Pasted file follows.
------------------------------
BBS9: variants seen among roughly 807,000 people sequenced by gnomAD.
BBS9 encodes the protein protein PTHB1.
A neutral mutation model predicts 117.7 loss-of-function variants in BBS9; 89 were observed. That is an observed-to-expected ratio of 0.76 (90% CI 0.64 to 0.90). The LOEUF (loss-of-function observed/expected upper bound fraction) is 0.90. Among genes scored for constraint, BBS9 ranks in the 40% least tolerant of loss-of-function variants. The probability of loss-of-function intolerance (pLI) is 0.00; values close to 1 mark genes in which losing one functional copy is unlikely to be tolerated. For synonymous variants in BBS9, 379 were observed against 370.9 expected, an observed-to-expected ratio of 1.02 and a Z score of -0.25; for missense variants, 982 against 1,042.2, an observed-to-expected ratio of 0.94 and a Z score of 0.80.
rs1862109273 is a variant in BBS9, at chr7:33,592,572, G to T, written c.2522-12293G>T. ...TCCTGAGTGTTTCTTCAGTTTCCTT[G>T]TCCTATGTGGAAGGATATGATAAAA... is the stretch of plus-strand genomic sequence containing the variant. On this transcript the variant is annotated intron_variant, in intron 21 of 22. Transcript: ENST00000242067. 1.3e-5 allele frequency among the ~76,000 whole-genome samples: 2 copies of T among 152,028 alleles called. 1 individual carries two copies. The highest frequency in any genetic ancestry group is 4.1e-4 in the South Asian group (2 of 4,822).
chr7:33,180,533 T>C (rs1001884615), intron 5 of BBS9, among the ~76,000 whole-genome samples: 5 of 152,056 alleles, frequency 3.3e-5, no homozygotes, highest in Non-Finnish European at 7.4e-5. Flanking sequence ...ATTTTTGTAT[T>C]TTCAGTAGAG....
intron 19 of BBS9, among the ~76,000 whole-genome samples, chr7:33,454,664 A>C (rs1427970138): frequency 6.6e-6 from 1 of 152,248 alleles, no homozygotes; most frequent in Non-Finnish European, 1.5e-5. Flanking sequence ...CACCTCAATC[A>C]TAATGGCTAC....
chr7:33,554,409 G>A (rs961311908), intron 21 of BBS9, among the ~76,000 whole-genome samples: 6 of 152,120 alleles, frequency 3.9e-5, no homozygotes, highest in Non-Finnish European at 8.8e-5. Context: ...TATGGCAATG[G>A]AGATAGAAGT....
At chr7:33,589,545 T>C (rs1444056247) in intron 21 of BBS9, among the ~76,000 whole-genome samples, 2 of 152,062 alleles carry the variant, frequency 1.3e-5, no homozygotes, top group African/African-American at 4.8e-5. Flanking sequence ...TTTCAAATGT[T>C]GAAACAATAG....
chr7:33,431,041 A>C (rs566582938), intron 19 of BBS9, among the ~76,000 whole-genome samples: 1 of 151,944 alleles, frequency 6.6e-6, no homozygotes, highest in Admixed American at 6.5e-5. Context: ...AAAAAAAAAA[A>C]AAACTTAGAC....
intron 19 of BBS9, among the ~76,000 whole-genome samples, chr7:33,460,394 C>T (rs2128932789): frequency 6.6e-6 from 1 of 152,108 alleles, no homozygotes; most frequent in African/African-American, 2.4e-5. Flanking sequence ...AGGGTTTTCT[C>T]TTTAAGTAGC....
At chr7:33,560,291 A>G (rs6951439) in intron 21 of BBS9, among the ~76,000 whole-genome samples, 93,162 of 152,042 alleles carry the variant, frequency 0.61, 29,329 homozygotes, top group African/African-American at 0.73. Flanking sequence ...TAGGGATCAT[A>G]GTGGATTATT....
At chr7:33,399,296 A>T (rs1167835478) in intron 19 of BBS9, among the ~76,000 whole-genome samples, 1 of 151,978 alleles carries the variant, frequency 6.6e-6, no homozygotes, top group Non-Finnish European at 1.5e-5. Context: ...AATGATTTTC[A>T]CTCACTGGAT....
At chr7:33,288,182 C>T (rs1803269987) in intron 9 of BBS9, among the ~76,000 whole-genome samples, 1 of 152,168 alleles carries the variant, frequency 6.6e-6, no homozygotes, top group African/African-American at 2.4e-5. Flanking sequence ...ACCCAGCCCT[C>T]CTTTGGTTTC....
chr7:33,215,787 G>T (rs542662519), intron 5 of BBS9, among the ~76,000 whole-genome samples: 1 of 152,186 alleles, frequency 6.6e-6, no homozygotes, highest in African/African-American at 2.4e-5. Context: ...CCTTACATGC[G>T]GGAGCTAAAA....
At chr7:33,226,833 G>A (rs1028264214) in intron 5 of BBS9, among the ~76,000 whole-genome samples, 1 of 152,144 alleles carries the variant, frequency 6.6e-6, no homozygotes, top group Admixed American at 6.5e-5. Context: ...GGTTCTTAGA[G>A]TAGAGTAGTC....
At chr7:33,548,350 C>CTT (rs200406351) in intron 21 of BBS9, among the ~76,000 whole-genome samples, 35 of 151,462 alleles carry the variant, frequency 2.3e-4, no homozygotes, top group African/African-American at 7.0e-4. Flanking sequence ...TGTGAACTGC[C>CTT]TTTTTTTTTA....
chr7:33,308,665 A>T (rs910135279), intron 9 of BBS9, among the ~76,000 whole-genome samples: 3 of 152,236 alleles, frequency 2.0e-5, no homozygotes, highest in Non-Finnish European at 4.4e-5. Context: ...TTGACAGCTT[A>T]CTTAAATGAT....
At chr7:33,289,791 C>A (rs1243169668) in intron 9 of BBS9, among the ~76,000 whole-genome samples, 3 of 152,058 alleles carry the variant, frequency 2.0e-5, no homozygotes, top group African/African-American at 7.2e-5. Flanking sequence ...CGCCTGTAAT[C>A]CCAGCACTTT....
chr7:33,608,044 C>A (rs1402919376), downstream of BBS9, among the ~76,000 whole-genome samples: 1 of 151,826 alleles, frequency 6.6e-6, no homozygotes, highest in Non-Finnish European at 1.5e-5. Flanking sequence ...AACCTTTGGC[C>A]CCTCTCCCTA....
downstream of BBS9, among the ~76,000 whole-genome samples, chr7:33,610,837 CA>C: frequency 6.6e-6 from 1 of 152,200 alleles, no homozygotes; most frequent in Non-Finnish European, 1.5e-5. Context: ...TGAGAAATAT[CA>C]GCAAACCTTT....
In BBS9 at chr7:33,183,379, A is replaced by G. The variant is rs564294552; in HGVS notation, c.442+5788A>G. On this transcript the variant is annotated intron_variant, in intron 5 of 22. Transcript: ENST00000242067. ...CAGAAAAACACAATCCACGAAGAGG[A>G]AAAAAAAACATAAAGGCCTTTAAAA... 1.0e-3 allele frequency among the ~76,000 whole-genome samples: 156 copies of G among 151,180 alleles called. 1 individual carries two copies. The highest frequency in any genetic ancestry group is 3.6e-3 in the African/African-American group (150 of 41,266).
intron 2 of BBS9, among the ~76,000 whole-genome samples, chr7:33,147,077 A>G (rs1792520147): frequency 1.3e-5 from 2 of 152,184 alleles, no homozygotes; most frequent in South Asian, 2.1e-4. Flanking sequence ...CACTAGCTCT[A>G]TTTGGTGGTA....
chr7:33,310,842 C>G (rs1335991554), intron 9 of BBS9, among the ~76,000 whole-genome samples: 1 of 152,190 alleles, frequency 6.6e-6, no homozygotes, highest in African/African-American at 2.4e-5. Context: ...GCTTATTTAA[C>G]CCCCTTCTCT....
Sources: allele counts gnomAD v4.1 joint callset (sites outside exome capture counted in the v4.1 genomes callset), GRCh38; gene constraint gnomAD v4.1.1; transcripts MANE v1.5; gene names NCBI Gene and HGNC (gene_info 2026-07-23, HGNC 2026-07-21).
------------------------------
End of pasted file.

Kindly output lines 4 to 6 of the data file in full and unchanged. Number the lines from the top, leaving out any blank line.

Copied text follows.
rs1862109273 is a variant in BBS9, at chr7:33,592,572, G to T, written c.2522-12293G>T. ...TCCTGAGTGTTTCTTCAGTTTCCTT[G>T]TCCTATGTGGAAGGATATGATAAAA... is the stretch of plus-strand genomic sequence containing the variant. On this transcript the variant is annotated intron_variant, in intron 21 of 22. Transcript: ENST00000242067. 1.3e-5 allele frequency among the ~76,000 whole-genome samples: 2 copies of T among 152,028 alleles called. 1 individual carries two copies. The highest frequency in any genetic ancestry group is 4.1e-4 in the South Asian group (2 of 4,822).
chr7:33,180,533 T>C (rs1001884615), intron 5 of BBS9, among the ~76,000 whole-genome samples: 5 of 152,056 alleles, frequency 3.3e-5, no homozygotes, highest in Non-Finnish European at 7.4e-5. Flanking sequence ...ATTTTTGTAT[T>C]TTCAGTAGAG....
intron 19 of BBS9, among the ~76,000 whole-genome samples, chr7:33,454,664 A>C (rs1427970138): frequency 6.6e-6 from 1 of 152,248 alleles, no homozygotes; most frequent in Non-Finnish European, 1.5e-5. Flanking sequence ...CACCTCAATC[A>C]TAATGGCTAC....